- Top of page
- Mechanical force at focal adhesions
- Mechanotransduction at focal adhesions
- Cancer development under mechanical microenvironment via focal adhesions
- Competing interests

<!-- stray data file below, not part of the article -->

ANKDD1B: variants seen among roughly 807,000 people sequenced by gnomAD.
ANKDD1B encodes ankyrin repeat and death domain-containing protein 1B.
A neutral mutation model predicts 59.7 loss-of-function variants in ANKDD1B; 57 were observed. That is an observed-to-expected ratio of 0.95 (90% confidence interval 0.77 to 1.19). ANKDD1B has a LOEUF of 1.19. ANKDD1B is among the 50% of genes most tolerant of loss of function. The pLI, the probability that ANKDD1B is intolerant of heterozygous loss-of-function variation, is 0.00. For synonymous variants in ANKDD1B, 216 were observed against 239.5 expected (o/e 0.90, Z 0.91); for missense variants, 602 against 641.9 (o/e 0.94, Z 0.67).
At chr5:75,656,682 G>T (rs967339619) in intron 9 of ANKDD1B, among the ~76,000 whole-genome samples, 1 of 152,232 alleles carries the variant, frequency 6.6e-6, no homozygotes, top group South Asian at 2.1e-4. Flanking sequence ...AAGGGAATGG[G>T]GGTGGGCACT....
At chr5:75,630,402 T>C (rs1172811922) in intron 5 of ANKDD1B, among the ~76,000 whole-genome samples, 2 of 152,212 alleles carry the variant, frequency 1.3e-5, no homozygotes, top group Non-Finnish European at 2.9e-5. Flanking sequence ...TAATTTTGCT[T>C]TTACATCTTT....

Living cells are continuously exposed to mechanical cues, and can translate these signals into biochemical information (e.g. mechanotransduction). This process is crucial in many normal cellular functions, e.g. cell adhesion, migration, proliferation, and survival, as well as the progression of diseases such as cancer. Focal adhesions are the major sites of interactions between extracellular mechanical environments and intracellular biochemical signalling molecules/cytoskeleton, and hence focal adhesion proteins have been suggested to play important roles in mechanotransduction. Here, we overview the current molecular understanding in mechanotransduction occurring at focal adhesions. We also introduce recent studies on how extracellular matrix and mechanical microenvironments contribute to the development of cancer.